If you search the PCI Council site (the maintainers of the PCI DSS suite), you won’t find any tables outlining different levels of compliance at all. There’s a reason for that, which is to do with how the PCI DSS first came to be.
Historically, the various card brands including MasterCard and Visa all operated their own card data security programs. These created a whole bunch of requirements for merchants and service providers. What the brands found was that much of the material in their different security programs was quite similar, but just different enough to complicate compliance with them all. So 5 of the card brands (AmEx, Discover, JCB, MasterCard, Visa) got together to found an organization that would publish and maintain a common security standard: the PCI council, which maintains the PCI DSS.
But those original card brand-specific security programs didn’t go away – they just delegated a bunch of the technical stuff to the PCI Council. Things that were delegated tended to be in the area of technical security controls (e.g. PCI DSS req. 1 is about maintaining firewalls). Things to do with risk management of card transaction volumes were kept in house by the various brands, where they continue to this day.
The PCI Council publishes a standard, which is the PCI DSS itself. It then publishes several tools for assessing compliance with the standard. Those tools include various Self Assessment Questionnaires (SAQs), which require varying levels of detail to complete depending on which one you are allowed to use. Tools also include the Report of Compliance (ROC) and Attestation of Compliance (AOC) templates, to be used by QSAs when doing an on-site audit.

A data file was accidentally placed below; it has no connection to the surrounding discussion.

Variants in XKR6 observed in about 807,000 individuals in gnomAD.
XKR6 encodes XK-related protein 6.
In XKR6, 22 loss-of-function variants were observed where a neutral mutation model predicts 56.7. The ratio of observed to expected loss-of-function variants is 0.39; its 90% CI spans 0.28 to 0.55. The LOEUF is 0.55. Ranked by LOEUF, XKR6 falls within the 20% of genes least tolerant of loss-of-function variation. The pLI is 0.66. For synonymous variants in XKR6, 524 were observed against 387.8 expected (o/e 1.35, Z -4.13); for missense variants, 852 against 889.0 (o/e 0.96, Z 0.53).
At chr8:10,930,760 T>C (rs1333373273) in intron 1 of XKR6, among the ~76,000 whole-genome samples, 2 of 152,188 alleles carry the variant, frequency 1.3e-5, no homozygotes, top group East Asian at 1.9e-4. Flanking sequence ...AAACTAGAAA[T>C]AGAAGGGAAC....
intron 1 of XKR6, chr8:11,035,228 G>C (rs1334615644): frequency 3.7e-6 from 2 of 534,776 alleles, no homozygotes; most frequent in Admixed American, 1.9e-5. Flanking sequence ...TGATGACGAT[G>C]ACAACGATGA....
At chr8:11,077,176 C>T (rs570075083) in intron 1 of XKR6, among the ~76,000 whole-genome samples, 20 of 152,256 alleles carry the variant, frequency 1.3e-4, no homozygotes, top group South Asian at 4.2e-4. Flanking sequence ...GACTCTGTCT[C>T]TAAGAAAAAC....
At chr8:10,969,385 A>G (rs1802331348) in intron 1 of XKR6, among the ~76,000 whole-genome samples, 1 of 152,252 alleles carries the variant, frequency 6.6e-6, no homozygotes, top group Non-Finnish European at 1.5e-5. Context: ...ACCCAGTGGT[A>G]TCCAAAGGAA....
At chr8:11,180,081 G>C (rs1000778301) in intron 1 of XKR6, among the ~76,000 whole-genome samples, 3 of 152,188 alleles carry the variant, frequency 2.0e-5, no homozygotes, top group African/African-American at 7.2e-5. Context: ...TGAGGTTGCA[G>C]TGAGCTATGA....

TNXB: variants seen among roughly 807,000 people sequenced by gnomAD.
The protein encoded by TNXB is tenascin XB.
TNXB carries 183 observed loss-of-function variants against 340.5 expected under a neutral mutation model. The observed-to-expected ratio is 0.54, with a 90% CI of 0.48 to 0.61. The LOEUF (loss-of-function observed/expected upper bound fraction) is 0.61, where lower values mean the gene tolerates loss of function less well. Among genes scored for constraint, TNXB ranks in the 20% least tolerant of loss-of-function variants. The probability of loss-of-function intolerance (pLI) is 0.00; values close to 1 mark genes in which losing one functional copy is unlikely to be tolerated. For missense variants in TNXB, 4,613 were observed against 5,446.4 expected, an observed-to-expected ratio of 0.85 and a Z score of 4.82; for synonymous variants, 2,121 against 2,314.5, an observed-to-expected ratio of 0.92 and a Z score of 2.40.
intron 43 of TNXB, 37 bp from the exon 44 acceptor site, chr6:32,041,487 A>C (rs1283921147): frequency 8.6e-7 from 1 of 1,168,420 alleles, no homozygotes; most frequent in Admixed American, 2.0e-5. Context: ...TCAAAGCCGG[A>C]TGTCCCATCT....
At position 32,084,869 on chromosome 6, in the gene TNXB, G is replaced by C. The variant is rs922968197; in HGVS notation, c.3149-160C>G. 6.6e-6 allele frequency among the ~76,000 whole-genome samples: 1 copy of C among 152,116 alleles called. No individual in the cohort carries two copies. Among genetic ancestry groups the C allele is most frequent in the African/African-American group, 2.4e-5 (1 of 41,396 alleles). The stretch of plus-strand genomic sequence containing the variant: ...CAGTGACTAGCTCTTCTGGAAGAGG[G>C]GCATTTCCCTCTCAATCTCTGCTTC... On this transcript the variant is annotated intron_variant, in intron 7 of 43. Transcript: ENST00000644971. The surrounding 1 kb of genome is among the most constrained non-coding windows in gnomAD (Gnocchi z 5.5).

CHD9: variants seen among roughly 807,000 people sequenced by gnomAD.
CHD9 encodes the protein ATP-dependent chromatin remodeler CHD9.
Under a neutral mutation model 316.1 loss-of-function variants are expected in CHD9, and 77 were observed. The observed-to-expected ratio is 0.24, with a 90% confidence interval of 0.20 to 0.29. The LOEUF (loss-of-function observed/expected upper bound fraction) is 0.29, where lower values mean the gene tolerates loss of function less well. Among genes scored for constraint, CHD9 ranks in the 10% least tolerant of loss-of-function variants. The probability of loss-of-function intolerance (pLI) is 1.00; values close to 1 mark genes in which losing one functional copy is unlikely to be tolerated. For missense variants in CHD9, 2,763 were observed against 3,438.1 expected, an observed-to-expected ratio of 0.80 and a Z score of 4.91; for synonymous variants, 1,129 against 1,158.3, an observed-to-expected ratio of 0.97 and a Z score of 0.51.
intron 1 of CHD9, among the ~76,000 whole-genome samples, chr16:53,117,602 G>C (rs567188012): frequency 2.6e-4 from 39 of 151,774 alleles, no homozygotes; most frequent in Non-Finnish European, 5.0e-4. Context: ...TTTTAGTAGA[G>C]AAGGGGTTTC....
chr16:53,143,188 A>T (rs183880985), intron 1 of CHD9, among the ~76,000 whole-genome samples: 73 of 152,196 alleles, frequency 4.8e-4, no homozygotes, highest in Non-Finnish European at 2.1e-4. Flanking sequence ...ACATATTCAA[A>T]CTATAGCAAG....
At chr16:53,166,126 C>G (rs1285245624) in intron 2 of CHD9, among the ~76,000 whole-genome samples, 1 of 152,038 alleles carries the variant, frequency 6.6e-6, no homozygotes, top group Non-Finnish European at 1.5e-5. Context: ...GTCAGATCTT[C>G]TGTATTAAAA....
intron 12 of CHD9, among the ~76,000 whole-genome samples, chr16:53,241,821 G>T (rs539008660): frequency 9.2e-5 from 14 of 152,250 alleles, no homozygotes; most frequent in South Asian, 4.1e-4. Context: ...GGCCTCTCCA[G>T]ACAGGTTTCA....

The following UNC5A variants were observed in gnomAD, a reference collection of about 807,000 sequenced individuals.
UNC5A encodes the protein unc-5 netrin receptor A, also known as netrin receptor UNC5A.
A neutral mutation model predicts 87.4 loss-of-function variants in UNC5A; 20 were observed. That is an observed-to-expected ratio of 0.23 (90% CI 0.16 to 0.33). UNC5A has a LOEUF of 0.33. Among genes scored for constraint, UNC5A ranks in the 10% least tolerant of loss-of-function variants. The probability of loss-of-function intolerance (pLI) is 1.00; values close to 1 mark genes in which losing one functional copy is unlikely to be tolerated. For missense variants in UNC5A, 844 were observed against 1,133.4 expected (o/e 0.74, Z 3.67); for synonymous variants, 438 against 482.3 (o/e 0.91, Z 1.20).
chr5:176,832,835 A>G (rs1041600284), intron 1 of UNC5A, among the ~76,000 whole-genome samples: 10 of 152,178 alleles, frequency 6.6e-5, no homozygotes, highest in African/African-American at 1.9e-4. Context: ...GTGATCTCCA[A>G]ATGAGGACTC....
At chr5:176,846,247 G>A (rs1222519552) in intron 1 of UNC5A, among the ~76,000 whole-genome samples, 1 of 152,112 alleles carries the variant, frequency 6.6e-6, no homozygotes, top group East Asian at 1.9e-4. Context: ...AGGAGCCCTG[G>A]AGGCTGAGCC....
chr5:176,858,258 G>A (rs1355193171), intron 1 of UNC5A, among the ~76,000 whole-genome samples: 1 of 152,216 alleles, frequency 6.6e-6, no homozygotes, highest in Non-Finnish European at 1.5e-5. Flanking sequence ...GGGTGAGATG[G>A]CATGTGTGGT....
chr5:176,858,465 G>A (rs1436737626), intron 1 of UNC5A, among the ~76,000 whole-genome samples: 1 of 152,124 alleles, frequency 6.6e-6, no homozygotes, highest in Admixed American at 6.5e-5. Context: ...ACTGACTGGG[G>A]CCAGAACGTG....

Card Brand security programs
It’s the in-house card brand security programs that dictate what the different levels of compliance are, and what causes merchants and service providers to be categorized at that specific level. The levels have quite a lot in common between the brands, but differences do exist. One commonality is that the lower the number of the level, the stricter the level of compliance with the standard is expected. Along with that stricter compliance, more visibility into how the standard is being met is required.
The level you’ve been categorized by one one of the card brands as a merchant or as a service provider is what determines which of those PCI Council tools you can use to assess compliance with the standard. It governs which SAQ you’re eligible to use, and whether any company employee can complete it or whether to require a formally trained person. At high enough levels, they require that you have to have a QSA do an on-site audit instead of using any SAQ.
In practical terms, what’s level 1?
For all of the card brands, level 1 means basically the same thing. By volume, you’re in the highest tier of merchants or service providers, and a compromise of your environment could result in significant financial losses to the card brand members and potentially to card holders. Level 1 is the highest numbered level in these card data protection programs, and outside of some special measures programs, compliance obligations don’t get any stricter.
If you’ve been categorized as level 1, then you can take some pride that you’ve made it. You’re at the top of the card payments world, and some significant responsibilities come along with that.
If you are categorized as a level 1 merchant or service provider by one or more card brands, you are no longer able to do an annual SAQ. Instead, you have to undergo an annual on-site assessment by qualified personnel. As a level 1 merchant, it’s preferred that the on-site assessment is done by a QSA; for service providers it’s mandatory.
That QSA will go through all of the items in the PCI DSS ROC reporting template, and it’s unlikely you will be able to mark many of them as N/A – the expectation is that at your volumes, everything in the standard is applicable.
If you’ve just learned that you’re level 1, congratulations! Now go and find a QSA in your markets. And remember, the QSA is there to help you be compliant and secure, not just to do the assessment.